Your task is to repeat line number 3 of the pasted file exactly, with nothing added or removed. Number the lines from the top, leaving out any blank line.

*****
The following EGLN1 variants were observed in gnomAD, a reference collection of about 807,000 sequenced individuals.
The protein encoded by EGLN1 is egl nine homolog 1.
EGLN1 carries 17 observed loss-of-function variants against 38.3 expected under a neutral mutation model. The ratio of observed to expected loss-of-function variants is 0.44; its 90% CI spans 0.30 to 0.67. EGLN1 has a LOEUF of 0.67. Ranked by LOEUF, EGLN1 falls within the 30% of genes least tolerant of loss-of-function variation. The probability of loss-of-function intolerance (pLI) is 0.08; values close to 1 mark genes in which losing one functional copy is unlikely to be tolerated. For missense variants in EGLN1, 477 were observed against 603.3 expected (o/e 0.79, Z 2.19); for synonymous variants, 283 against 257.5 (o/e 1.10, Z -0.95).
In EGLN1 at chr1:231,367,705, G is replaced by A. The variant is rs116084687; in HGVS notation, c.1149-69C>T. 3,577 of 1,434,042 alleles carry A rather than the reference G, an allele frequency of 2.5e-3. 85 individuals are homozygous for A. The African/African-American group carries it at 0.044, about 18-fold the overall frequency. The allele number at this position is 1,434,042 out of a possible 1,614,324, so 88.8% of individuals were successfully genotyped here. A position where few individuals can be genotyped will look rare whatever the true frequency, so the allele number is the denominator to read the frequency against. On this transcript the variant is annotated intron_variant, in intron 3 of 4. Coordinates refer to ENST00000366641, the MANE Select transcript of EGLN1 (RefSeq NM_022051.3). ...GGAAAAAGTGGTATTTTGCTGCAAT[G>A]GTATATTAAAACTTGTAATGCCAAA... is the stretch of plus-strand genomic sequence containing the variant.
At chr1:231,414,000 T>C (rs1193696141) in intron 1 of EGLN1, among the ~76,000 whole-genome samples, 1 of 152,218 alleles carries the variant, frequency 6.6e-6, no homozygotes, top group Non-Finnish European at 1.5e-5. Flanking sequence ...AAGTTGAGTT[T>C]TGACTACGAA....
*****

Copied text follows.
EGLN1 carries 17 observed loss-of-function variants against 38.3 expected under a neutral mutation model. The ratio of observed to expected loss-of-function variants is 0.44; its 90% CI spans 0.30 to 0.67. EGLN1 has a LOEUF of 0.67. Ranked by LOEUF, EGLN1 falls within the 30% of genes least tolerant of loss-of-function variation. The probability of loss-of-function intolerance (pLI) is 0.08; values close to 1 mark genes in which losing one functional copy is unlikely to be tolerated. For missense variants in EGLN1, 477 were observed against 603.3 expected (o/e 0.79, Z 2.19); for synonymous variants, 283 against 257.5 (o/e 1.10, Z -0.95).